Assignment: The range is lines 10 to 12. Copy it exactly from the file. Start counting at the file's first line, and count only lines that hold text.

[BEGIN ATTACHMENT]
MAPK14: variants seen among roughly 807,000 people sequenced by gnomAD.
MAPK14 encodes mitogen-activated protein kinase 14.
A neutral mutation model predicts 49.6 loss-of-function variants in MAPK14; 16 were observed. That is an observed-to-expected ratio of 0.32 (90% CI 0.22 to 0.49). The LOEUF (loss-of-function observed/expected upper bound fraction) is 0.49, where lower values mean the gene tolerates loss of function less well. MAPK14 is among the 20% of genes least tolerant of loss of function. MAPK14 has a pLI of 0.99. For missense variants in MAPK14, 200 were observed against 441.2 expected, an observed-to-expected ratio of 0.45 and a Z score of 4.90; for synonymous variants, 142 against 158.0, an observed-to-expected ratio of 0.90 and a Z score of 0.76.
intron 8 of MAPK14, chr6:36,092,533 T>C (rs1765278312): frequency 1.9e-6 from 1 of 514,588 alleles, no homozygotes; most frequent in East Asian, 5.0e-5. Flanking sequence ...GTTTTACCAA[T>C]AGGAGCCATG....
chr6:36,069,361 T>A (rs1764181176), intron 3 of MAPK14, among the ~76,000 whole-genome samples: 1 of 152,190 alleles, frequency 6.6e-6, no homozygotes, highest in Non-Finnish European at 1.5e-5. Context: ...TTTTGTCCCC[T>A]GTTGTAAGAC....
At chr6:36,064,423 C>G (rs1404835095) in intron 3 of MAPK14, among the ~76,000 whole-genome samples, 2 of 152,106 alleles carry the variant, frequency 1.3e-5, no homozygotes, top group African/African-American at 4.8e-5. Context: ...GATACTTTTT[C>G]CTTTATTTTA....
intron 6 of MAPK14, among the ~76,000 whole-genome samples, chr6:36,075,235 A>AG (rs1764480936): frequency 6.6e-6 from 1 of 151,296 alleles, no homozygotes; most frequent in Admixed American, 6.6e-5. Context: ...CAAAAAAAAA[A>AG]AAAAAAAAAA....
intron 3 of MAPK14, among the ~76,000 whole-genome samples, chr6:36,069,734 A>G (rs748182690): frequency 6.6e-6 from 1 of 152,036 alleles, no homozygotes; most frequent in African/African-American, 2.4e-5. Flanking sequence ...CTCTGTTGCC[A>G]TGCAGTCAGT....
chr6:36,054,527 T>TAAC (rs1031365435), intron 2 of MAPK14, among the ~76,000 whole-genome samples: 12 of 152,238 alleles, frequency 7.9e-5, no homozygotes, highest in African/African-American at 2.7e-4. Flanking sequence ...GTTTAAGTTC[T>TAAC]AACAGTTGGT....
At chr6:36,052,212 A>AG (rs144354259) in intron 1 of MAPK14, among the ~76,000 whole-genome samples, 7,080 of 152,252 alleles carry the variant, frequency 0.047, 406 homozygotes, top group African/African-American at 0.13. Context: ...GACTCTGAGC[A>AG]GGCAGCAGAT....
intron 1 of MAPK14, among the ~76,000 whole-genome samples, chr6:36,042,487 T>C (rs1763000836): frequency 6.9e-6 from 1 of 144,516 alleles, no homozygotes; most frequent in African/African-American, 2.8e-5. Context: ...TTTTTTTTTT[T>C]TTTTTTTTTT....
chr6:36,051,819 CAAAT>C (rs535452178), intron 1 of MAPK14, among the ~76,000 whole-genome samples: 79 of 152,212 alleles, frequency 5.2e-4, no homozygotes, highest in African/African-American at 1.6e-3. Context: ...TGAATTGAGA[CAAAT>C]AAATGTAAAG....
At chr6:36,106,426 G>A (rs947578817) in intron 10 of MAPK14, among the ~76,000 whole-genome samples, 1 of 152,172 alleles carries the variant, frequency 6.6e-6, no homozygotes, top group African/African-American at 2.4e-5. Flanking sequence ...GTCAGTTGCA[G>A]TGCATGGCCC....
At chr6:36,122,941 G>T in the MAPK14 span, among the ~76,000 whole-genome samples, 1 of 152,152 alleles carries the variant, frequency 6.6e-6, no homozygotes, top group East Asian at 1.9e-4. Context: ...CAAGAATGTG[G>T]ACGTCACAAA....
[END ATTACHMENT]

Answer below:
At chr6:36,052,212 A>AG (rs144354259) in intron 1 of MAPK14, among the ~76,000 whole-genome samples, 7,080 of 152,252 alleles carry the variant, frequency 0.047, 406 homozygotes, top group African/African-American at 0.13. Context: ...GACTCTGAGC[A>AG]GGCAGCAGAT....
intron 1 of MAPK14, among the ~76,000 whole-genome samples, chr6:36,042,487 T>C (rs1763000836): frequency 6.9e-6 from 1 of 144,516 alleles, no homozygotes; most frequent in African/African-American, 2.8e-5. Context: ...TTTTTTTTTT[T>C]TTTTTTTTTT....
chr6:36,051,819 CAAAT>C (rs535452178), intron 1 of MAPK14, among the ~76,000 whole-genome samples: 79 of 152,212 alleles, frequency 5.2e-4, no homozygotes, highest in African/African-American at 1.6e-3. Context: ...TGAATTGAGA[CAAAT>C]AAATGTAAAG....